Stormy Day

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First it rained–a winter rain, cold. Then it got warm, and kept raining. By yesterday afternoon the temperature rose to 61 degrees. And that rain. The snow disappeared. By the time I got home from work the snow was gone. The fields were flooded. My headlights reflected on the flooded fields.

In the night, sleet ticked against the windows. The wind grew and the sleet pecked the windows. By morning, snow was falling, the wind tossing it around. Snow eddied in front of the garage and on the porch. Drifts stacked in front of the row of pines. With temperatures in the teens, the wind chill was below zero.  We went for a walk anyway.

My wife and I bundled up–down jackets, snow pants, mittens. We trudged through the snow, literally. The drifted snow, mixed with sleet, was heavy on the road. The plow had not yet come by. Ever walk in wet sand on a beach? It felt like that, except without the bare feet and warmth. Nevertheless, we persisted.

After a while thick flakes started to fall. We watched them drop into the river. Fields all around were flooded. The river ran high. Really high. Yesterday it had come up over the road. Yellow ice crunched under the snow. Circles of snow-covered ice clung to the base of trees, a few inches up. Farther up the road, our boots found slush.

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The walk back was colder. We walked into the wind. Back at home I drank coffee, ate the blueberry muffins I had made earlier. I read. I stayed inside. The two of us walked the driveway later to get the mail. Snow still blew sideways. The temperature dropped to single digits.

I had planned to do the Winter Bald Eagle Survey again today, but driving was just not a good idea. I will rise early and do that tomorrow. Hopefully I can access points along the Winooski River, where my portion of the survey takes place. It was be a cold morning. I’ll need to bring coffee. And at least one of those muffins.

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Snowy but Cold

fullsizeoutput_869cThis morning I was eager to check the outside temperature. Yesterday was cold. And windy. The high for the day at our house was 0 degrees. With the wind it felt much colder. Once it got dark the temperature dropped further. So I wanted to know just how cold it had gotten. Right before sunrise, typically the coldest part of the day, our thermometer read -20. Haven’t seen that in a while.

Walking to the mailbox yesterday was a frigid experience. I was mostly warm enough but the small parts of my face that were exposed got nibbled by the icy wind. I wore glasses, which I don’t usually wear in such cold temperatures, but it was just a walk to the mailbox, a tenth of a mile. The wind made my eyes tear. The tears froze. The tears fogged my glasses. The fog on my glasses froze. It was a bit of a visual shutdown. My wife, who had made that long trek with me, chuckled at me, shouting “systems failing!” Funny woman, she.

The squirrels this morning, at one point four of them chasing each other to get the prime seat on the hanging bird feeder, were covered in frost. They looked like little snowballs. That frost started to melt once the sun rose, but they kept eating. Sunrise brought birds back as well–Tree Sparrows and Juncos and Blue Jays and Chickadees and more all gathered around the feeders. Breakfast party.

I had planned to ski around our field yesterday. It snowed lightly all day, adding to the snow we already had. But after that walk to the mailbox I said forget it. It was bitter. The temperature should rise more today. Now, not quite 9:00 in the morning, we are still waiting to hit 0, but it is Sunday. I’ve got some hours yet.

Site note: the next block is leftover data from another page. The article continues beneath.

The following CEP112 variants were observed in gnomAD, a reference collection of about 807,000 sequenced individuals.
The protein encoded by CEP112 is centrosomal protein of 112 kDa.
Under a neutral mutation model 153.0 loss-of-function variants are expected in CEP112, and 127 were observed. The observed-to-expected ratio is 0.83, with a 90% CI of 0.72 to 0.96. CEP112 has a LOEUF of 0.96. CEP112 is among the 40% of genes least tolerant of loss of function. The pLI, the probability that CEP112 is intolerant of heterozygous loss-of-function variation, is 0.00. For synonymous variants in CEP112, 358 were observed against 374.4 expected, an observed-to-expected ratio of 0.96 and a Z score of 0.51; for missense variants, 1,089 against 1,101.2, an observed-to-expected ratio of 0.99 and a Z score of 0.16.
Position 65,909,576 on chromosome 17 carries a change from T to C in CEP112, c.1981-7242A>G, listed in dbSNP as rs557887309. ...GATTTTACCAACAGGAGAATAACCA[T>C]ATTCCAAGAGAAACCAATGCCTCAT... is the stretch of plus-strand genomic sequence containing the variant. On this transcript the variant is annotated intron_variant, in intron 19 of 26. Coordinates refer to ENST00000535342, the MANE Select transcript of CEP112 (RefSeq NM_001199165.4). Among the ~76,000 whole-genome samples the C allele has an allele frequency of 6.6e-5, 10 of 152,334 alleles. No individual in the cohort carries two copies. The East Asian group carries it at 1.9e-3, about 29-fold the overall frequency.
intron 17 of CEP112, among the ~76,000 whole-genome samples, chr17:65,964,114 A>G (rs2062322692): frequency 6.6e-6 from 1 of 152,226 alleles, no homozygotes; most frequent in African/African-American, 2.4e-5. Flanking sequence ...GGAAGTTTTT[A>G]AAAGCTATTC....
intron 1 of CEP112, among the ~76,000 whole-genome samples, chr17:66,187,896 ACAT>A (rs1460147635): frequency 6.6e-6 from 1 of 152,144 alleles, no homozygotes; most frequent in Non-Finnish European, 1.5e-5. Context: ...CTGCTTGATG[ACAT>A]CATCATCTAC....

In the meantime I will pay some monthly bills, read a book, join the breakfast party from the other side of the window. I made muffins yesterday and we should probably finish those off today. I need to do my part. Once the sun does some work I will think about enjoying this fine sunny day out in the cold. With contact lenses. Keep those systems from failing, if you know what I’m saying.

Snow for Christmas

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We wish for it every year, but it rarely arrives. We have rain. Or wind. Or spring-like temperatures. We typically wake in the dark and gradually see the world wake up to whatever weather graces us. But snow? Doesn’t happen.

It looks like this year, however, we will have snow for Christmas. Yesterday it snowed all day. I spent the day in a meeting room, having many conversations, all of them with snow falling behind me. Perhaps I should have sat in the opposite chair. I could have watched the snow.

When I got home we went for a walk in the dark. The snow still fell heavily. It was light, fluffy, scattering in clouds when we kicked at it. It coated our hats. It squeaked underfoot. The trees wore it. The woods were quiet. Back home we took a sled run or two, shoveled off the porch, filled the bird feeders.

This morning snow coated the field. Late morning it started to rain. It rained most of the day, sometimes just a drizzle, sometimes heavily. But the snow stuck around. There was enough of it. Just before dark it started to snow again. With everything wet from the rain, the snow easily adhered. Branches are white again.

More snow is in the forecast for Monday. There is a winter storm watch for Christmas day. We are looking to get up to eight inches. We had hoped to go see the new Star Wars movie that afternoon. We may have to scratch that. We don’t really want to drive in heavy snow. And if we have that much snow, why go anywhere? We can stay home and ski and sled and romp.

Christmas is only two days away, so the forecast is likely to be fairly, if not totally, accurate. Still, I have my doubts, only because I can hardly believe it. A white Christmas, even here in northern Vermont, is a rare thing these days. I am afraid we will have fewer and fewer of them. But if we get one this year, I’ll take it. In fact, I’ll hoot about it and run around in the snow in pajamas. Isn’t that what Christmas is all about?